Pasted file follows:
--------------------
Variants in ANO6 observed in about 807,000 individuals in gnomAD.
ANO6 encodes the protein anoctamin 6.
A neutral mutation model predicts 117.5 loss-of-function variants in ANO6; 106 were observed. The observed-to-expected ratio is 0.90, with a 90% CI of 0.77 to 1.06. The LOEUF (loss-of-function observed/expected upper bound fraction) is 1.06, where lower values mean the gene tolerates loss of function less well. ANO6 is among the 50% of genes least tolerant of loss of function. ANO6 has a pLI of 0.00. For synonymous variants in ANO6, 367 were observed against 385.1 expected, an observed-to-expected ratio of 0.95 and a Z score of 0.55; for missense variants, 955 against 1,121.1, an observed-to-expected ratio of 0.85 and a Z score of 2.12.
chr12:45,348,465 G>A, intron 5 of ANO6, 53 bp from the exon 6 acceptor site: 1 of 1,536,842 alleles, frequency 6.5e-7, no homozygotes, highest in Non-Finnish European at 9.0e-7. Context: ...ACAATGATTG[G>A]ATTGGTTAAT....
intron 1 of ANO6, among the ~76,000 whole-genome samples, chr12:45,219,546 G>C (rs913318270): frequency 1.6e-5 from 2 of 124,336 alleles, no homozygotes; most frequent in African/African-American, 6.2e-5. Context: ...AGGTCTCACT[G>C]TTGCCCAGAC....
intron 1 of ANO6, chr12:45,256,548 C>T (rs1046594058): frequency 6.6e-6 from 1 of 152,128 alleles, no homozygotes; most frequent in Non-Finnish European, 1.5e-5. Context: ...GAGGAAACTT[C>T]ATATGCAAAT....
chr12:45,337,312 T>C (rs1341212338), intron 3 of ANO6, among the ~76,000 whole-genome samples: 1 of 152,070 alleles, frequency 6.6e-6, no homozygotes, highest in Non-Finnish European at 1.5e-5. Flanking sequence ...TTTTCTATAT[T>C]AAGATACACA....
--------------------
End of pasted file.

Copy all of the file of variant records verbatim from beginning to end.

Variants in ANO6 observed in about 807,000 individuals in gnomAD.
ANO6 encodes the protein anoctamin 6.
A neutral mutation model predicts 117.5 loss-of-function variants in ANO6; 106 were observed. The observed-to-expected ratio is 0.90, with a 90% CI of 0.77 to 1.06. The LOEUF (loss-of-function observed/expected upper bound fraction) is 1.06, where lower values mean the gene tolerates loss of function less well. ANO6 is among the 50% of genes least tolerant of loss of function. ANO6 has a pLI of 0.00. For synonymous variants in ANO6, 367 were observed against 385.1 expected, an observed-to-expected ratio of 0.95 and a Z score of 0.55; for missense variants, 955 against 1,121.1, an observed-to-expected ratio of 0.85 and a Z score of 2.12.
chr12:45,348,465 G>A, intron 5 of ANO6, 53 bp from the exon 6 acceptor site: 1 of 1,536,842 alleles, frequency 6.5e-7, no homozygotes, highest in Non-Finnish European at 9.0e-7. Context: ...ACAATGATTG[G>A]ATTGGTTAAT....
intron 1 of ANO6, among the ~76,000 whole-genome samples, chr12:45,219,546 G>C (rs913318270): frequency 1.6e-5 from 2 of 124,336 alleles, no homozygotes; most frequent in African/African-American, 6.2e-5. Context: ...AGGTCTCACT[G>C]TTGCCCAGAC....
intron 1 of ANO6, chr12:45,256,548 C>T (rs1046594058): frequency 6.6e-6 from 1 of 152,128 alleles, no homozygotes; most frequent in Non-Finnish European, 1.5e-5. Context: ...GAGGAAACTT[C>T]ATATGCAAAT....
chr12:45,337,312 T>C (rs1341212338), intron 3 of ANO6, among the ~76,000 whole-genome samples: 1 of 152,070 alleles, frequency 6.6e-6, no homozygotes, highest in Non-Finnish European at 1.5e-5. Flanking sequence ...TTTTCTATAT[T>C]AAGATACACA....